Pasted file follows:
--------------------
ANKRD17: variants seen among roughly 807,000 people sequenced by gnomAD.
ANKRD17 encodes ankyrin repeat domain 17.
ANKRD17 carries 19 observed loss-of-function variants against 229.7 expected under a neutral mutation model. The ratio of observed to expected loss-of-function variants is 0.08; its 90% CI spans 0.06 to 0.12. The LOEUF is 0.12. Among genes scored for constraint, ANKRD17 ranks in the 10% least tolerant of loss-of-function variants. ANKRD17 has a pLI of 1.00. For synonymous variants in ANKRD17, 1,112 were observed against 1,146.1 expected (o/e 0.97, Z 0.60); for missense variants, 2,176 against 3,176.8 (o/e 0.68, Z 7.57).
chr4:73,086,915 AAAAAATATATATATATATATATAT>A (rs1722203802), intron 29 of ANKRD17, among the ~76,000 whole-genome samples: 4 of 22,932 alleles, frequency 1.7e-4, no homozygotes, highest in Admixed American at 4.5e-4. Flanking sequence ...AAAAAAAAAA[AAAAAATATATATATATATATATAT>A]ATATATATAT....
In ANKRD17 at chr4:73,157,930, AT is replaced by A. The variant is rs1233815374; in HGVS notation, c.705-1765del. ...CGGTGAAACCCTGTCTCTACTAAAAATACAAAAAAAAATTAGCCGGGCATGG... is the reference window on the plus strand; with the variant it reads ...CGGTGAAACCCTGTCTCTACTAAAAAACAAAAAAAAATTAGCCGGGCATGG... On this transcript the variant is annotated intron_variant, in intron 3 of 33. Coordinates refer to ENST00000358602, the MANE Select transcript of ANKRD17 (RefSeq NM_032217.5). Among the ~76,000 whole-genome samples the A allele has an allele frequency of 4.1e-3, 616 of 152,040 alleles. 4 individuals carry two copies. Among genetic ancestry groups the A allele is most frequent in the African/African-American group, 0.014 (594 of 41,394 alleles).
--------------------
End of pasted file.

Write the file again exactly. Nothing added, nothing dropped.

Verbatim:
ANKRD17: variants seen among roughly 807,000 people sequenced by gnomAD.
ANKRD17 encodes ankyrin repeat domain 17.
ANKRD17 carries 19 observed loss-of-function variants against 229.7 expected under a neutral mutation model. The ratio of observed to expected loss-of-function variants is 0.08; its 90% CI spans 0.06 to 0.12. The LOEUF is 0.12. Among genes scored for constraint, ANKRD17 ranks in the 10% least tolerant of loss-of-function variants. ANKRD17 has a pLI of 1.00. For synonymous variants in ANKRD17, 1,112 were observed against 1,146.1 expected (o/e 0.97, Z 0.60); for missense variants, 2,176 against 3,176.8 (o/e 0.68, Z 7.57).
chr4:73,086,915 AAAAAATATATATATATATATATAT>A (rs1722203802), intron 29 of ANKRD17, among the ~76,000 whole-genome samples: 4 of 22,932 alleles, frequency 1.7e-4, no homozygotes, highest in Admixed American at 4.5e-4. Flanking sequence ...AAAAAAAAAA[AAAAAATATATATATATATATATAT>A]ATATATATAT....
In ANKRD17 at chr4:73,157,930, AT is replaced by A. The variant is rs1233815374; in HGVS notation, c.705-1765del. ...CGGTGAAACCCTGTCTCTACTAAAAATACAAAAAAAAATTAGCCGGGCATGG... is the reference window on the plus strand; with the variant it reads ...CGGTGAAACCCTGTCTCTACTAAAAAACAAAAAAAAATTAGCCGGGCATGG... On this transcript the variant is annotated intron_variant, in intron 3 of 33. Coordinates refer to ENST00000358602, the MANE Select transcript of ANKRD17 (RefSeq NM_032217.5). Among the ~76,000 whole-genome samples the A allele has an allele frequency of 4.1e-3, 616 of 152,040 alleles. 4 individuals carry two copies. Among genetic ancestry groups the A allele is most frequent in the African/African-American group, 0.014 (594 of 41,394 alleles).